As 2018 draws to a close, now is an ideal time to start thinking about your goals for next year. Need some help with this task? To read about the importance of setting goals, as well as some tips for doing so, please click here.
Here is a list of the goals I have set myself so far for 2019:
1. Mental health
3. Weight loss journey
Ever wish things could be different in your life? Change is possible, if you set some realistic goals and work towards achieving them. In my last post, I reflected on my achievements in 2018. I’m still thinking about my goals for next year but in the meantime, I thought I would write about the importance of setting goals.
Why set goals?
Who should set goals?
Everyone! Age is no barrier. Setting goals is not just for young people! When I was at university studying towards my BA 20 years ago(!), there was an elderly person in one of my English literature classes who had obviously made it a goal to attend university and obtain a degree (or at least complete a paper). As I have mentioned previously, I am currently participating in the YMCA 10k Summer Series. Some of the elderly runners are still doing marathons and half marathons (not to mention making it a goal to participate in the 10k series!). Very inspiring stuff.
When to set goals
Any time! A lot of people like making new year’s resolutions, whereas I prefer to think of them as goals I am working towards. Whether you choose to set your goals at the beginning of the year or at any other time, remember that you can revise your goals at any time. If you realise that you’ve set the bar is too high and your goal is unattainable, lower it. If you have already achieved a goal, set a new one! Don’t forget that it’s perfectly fine to set a goal for the following year (or even later). When I started the YMCA 10k summer series in September, I set a goal to run the course in a time of under one hour by the end of the series in April 2019.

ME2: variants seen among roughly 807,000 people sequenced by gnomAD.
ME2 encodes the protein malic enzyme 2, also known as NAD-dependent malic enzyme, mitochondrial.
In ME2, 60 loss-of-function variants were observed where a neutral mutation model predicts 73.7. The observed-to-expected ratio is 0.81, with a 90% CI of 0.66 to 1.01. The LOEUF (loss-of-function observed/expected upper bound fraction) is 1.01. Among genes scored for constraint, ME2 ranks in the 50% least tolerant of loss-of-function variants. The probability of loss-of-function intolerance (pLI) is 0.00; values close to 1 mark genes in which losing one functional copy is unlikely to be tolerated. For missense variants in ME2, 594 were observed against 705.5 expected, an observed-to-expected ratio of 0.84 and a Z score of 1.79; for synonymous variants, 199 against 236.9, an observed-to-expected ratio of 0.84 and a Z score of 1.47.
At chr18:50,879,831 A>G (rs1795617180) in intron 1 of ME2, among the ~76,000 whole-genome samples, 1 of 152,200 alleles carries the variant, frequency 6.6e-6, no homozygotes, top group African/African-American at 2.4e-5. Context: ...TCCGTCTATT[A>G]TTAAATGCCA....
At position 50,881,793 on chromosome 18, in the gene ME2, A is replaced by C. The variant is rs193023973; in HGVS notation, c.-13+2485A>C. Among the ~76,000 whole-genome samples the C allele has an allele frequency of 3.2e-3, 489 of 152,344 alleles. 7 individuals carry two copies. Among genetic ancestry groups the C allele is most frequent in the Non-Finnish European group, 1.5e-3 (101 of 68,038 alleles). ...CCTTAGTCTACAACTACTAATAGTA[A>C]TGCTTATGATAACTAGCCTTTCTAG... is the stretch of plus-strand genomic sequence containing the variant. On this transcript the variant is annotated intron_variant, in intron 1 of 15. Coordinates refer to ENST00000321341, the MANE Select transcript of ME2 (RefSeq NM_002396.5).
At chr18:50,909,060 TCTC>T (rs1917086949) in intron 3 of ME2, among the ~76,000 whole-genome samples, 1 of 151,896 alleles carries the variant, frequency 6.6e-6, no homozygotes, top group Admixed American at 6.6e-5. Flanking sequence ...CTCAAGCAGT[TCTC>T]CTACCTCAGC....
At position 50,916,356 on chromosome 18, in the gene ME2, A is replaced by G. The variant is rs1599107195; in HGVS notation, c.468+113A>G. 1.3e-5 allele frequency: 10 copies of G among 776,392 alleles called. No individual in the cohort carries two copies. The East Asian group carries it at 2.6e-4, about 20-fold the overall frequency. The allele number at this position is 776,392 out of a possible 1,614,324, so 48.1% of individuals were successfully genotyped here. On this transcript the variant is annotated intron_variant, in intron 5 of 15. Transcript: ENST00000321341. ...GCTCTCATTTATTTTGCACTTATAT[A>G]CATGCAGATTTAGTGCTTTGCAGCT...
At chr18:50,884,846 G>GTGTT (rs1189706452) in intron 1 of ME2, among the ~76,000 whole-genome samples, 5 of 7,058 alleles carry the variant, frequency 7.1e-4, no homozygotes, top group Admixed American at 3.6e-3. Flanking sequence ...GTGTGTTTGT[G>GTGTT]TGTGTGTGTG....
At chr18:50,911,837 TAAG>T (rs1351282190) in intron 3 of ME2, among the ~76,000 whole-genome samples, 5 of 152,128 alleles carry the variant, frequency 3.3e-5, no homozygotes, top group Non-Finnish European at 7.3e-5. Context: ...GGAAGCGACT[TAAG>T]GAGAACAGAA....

How to set goals
Tips for goal-setting
As we progress rapidly through December, now is a good time to take stock and reflect on the year that has been. It has perhaps been my best one since 2010, when I had my first psychotic episode. I worked very hard this year and managed to get myself to a good place in many areas of my life.
1. Mental health – I had a psychosis in February but by April, I managed to pick myself back up again. When I recovered, an idea came to me. Taking meds all the time didn’t work for me because of the toll it took on my physical health, so I moved away from that and only take them when relapses occur. But instead of only taking meds when I’m sick, what if I took them periodically while I’m well, as a pre-emptive measure to prevent the onset of a psychosis? In June, I took my meds for two weeks and will do the same again in December, when the YMCA takes a break from the 10k series which I am participating in every week (more about this below and also in a separate post in future). At the moment, it is too soon to say definitively whether this method is effective, but I haven’t had a relapse since February last year, which was ten months ago. It seems promising though and I will provide an update on this some time next year.
2. Weight loss journey – I managed to lose 25 kg over the past five months without fad dieting or exercising excessively. As you might recall me mentioning in a previous post, the community gym I joined at the start of the year simply wasn’t working for me, so in July I re-joined Les Mills and started training at the Howick branch. It was the best decision I’ve ever made. I see a trainer called Alice every week for motivation and support. Her brother Dan also helped me for a few weeks when Alice was on holiday earlier in the year. When I first started training at Les Mills back in July, I was 93.3 kg. At my last weigh-in yesterday, I am now 68.3 kg. I would still like to make further progress but am happy that I am out of the danger zone for diabetes. My blood sugar levels are very well controlled now that I have lost weight. The interesting thing is that although I am considerably heavier than my previous goal weight, my body composition (ie body fat percentage) has improved. I am now at 22% body fat, whereas I used to be a trim 60 kg but at 27-29% body fat. I am very pleased with this development and am keen to make even further progress with Alice’s help next year.